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HomeInterviews › Karl Vaters: The Small Thinking That Divides Churches

Karl Vaters: The Small Thinking That Divides Churches

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"Most dying churches aren’t dying because of lack of passion … they’re dying because things have changed and they haven’t caught the wind of the change."

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In this excerpt from our Small Church America issue (July/August), Karl Vaters, pastor of Cornerstone Christian Fellowship in Fountain Valley, Calif., and founder of, shares his thoughts on big thinking, ministry metrics and leading a healthy small church. 

What does that look like—to be a small church with big thinking? How do you embrace being a small church and find meaning within that paradigm instead of obsessively seeking change or growth?

Here’s an illustration that often resonates with people: Imagine if Starbucks’ executives got together and said, “We’ve sent our spies out and measured all the IKEAs in the area. The average IKEA has 250,000 square feet, but the average Starbucks only has an average of 1,000 square feet. We need to get our averages up. We’ve got to get bigger stores. You can drive by one of our stores and not even see it. Some of our stores don’t even have their own property; they’re stuck inside another store. So let’s consolidate some of the stores and make them bigger.” You hear that and you think, “That’s ridiculous. Starbucks’ business plan is different than IKEA’s business plan, and no one can say either one of them hasn’t been successful. Starbucks is about smallness and intimacy, and it works for what they’re doing.”

Small churches are the same way. There are people who like the smaller setting and the smaller place. They discover God more deeply in a smaller setting. They’re more comfortable inviting their friends to a smaller setting. They like that they can ask questions. They like that when they’re in a store and they run into a pastor, the pastor sees them and knows their name. They’re not wrong or selfish for wanting those things.

So it was that premise I started from: the things that a small church can do better—and that’s not to put down big churches. I love big churches. I love megachurches; I want to see more of them. But I want to see more teaching that is applicable to small churches, because we’re taught almost exclusively from a megachurch standpoint using megachurch principles. And there are some principles that megachurch pastors can teach me, but I can actually use less than half of them in my church. The rest of it I have to adapt, and some of it can’t even be adapted.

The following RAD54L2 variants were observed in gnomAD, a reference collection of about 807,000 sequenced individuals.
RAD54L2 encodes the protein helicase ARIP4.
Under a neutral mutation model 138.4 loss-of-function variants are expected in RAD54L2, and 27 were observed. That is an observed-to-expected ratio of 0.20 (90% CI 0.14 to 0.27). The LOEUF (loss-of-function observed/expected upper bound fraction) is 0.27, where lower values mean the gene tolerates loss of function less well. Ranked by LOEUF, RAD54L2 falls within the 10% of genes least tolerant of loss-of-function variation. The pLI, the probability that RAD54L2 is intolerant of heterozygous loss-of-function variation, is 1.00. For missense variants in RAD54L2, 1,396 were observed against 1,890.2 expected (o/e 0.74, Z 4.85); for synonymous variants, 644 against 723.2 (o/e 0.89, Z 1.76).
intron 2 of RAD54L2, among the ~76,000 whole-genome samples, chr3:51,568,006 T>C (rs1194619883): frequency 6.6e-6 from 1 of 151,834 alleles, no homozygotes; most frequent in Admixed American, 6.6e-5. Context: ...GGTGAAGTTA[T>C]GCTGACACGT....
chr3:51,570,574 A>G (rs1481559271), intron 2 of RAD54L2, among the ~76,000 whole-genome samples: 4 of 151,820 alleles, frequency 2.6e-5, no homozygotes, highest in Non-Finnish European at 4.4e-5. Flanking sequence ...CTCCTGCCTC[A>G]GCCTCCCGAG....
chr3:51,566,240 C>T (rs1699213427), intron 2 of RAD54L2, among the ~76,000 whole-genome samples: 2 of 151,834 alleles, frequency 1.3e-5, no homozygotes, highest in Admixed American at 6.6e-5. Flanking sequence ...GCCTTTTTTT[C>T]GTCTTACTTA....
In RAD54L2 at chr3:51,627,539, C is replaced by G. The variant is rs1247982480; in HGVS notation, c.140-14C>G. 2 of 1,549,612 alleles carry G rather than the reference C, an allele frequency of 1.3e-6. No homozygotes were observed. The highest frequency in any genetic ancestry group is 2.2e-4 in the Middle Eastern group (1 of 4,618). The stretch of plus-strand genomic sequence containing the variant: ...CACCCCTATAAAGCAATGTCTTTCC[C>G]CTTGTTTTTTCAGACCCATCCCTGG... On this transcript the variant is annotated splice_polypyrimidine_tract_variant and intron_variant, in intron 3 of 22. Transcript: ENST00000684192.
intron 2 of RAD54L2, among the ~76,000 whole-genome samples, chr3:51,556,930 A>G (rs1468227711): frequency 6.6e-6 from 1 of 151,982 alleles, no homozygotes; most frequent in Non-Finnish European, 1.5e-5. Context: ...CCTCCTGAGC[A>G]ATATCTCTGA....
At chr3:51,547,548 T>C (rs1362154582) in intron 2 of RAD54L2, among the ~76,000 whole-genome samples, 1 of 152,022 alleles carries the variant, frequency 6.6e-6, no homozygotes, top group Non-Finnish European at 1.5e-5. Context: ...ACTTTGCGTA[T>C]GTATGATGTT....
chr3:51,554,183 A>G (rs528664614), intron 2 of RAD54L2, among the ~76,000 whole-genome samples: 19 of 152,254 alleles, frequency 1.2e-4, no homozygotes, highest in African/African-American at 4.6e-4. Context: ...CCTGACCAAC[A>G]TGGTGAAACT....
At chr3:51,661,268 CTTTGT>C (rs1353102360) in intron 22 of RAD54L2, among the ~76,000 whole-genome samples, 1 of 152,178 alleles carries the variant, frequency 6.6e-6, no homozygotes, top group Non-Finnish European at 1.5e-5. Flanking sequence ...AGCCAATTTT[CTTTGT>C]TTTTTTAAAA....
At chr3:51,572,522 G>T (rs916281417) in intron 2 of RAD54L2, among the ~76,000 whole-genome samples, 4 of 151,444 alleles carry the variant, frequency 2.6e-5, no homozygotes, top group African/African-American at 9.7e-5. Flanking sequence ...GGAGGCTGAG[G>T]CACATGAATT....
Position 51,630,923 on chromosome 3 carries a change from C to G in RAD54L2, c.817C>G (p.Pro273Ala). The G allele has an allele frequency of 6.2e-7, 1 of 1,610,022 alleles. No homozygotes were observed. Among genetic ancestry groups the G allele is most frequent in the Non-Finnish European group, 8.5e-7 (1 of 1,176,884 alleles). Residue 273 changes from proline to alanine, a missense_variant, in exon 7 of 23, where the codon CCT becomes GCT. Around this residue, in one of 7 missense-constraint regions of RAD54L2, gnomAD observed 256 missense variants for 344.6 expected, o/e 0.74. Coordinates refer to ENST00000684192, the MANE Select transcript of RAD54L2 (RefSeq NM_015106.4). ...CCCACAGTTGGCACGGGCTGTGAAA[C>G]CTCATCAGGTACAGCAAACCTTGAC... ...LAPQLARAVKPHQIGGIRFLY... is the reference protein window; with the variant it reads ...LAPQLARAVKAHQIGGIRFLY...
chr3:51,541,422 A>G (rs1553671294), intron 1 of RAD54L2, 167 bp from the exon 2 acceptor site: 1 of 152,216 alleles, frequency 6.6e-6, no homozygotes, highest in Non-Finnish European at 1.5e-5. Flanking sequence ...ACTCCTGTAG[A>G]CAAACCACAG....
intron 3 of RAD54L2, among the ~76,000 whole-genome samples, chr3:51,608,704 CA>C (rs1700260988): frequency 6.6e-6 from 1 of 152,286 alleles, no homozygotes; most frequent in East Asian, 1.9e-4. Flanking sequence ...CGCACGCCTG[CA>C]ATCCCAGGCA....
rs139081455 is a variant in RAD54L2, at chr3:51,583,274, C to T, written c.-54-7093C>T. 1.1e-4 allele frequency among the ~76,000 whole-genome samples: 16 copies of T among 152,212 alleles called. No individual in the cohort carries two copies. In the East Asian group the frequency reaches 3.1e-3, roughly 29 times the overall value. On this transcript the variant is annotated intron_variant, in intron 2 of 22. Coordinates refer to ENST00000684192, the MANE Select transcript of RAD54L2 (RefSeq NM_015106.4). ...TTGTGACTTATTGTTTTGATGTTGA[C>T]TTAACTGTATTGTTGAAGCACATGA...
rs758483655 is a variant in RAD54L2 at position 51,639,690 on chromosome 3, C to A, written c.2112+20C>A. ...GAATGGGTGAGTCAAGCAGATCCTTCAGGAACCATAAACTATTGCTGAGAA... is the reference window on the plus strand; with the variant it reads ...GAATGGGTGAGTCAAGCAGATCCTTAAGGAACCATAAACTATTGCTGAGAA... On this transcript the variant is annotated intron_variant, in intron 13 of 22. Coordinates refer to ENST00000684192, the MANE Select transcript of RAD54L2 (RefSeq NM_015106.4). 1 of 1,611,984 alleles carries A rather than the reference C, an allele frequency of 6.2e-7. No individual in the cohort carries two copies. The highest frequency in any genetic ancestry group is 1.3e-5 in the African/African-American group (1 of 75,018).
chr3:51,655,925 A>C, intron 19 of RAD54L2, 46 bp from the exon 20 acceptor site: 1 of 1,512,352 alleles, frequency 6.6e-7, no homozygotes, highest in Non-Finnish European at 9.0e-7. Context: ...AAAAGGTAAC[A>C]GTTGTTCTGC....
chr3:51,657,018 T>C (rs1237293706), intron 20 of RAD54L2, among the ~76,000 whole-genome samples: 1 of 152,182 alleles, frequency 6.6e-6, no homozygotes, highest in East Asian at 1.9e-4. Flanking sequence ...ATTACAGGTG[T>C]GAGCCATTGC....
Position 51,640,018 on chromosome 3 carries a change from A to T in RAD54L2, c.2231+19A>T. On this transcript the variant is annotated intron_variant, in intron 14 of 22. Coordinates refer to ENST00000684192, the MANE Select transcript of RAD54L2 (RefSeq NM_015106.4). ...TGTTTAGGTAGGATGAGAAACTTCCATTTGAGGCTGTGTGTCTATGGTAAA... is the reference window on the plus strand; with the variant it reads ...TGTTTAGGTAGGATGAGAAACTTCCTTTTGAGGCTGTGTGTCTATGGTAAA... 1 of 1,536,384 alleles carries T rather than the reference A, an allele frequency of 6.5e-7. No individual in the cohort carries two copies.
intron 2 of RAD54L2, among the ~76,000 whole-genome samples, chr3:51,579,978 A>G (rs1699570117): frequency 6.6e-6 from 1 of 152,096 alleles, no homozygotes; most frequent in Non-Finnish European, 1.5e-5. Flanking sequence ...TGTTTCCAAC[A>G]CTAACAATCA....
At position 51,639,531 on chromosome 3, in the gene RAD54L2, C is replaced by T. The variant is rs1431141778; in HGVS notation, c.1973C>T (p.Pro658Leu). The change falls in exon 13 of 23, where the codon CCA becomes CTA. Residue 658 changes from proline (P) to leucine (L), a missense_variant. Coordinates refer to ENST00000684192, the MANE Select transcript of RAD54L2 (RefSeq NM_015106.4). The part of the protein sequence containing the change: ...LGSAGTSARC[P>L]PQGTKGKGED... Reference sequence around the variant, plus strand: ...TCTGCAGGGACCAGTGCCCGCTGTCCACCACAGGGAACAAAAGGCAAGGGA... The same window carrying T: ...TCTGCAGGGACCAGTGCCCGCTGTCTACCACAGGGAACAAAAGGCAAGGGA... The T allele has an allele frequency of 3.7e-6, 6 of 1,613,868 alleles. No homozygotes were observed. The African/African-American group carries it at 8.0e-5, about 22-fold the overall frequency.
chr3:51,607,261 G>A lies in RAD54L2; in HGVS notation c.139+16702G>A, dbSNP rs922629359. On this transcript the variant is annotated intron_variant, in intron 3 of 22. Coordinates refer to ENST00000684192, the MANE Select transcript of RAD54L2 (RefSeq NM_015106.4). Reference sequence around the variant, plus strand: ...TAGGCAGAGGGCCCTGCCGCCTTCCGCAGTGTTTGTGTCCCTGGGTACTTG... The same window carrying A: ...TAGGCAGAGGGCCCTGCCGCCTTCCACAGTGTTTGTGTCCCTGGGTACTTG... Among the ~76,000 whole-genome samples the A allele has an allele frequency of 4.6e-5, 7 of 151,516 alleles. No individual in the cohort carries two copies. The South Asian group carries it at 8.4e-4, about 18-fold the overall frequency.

One of the concerns—or realities—of a small church is diminishing numbers. How do you keep from dying out?

When a church is shrinking, you have to take a look at [whether] a church has the leadership it needs to have. That’s always the first place to look. If you believe God is still calling you there, and the congregation agrees, then the second thing you’ve got to [ask] is if God is challenging you to change your approach, mission or vision. The third thing to look at is the community. Maybe the community and their needs are changing and you missed it. Maybe there’s been an ethnic shift in the community. Maybe there’s been a socioeconomic shift in the community. Maybe there’s been a shift in family relationships in the community.

We have to constantly be aware of changes happening and be ready to adapt. If we get too committed to a single method, to a single type of system or to a particular way of doing things, it will not be long before that system, method or way of doing things will no longer apply. Most dying churches aren’t dying because of lack of passion, lack of experience or even lack of people; they’re dying because things have changed and they haven’t caught the wind of the change. They haven’t been able to adapt quickly enough.

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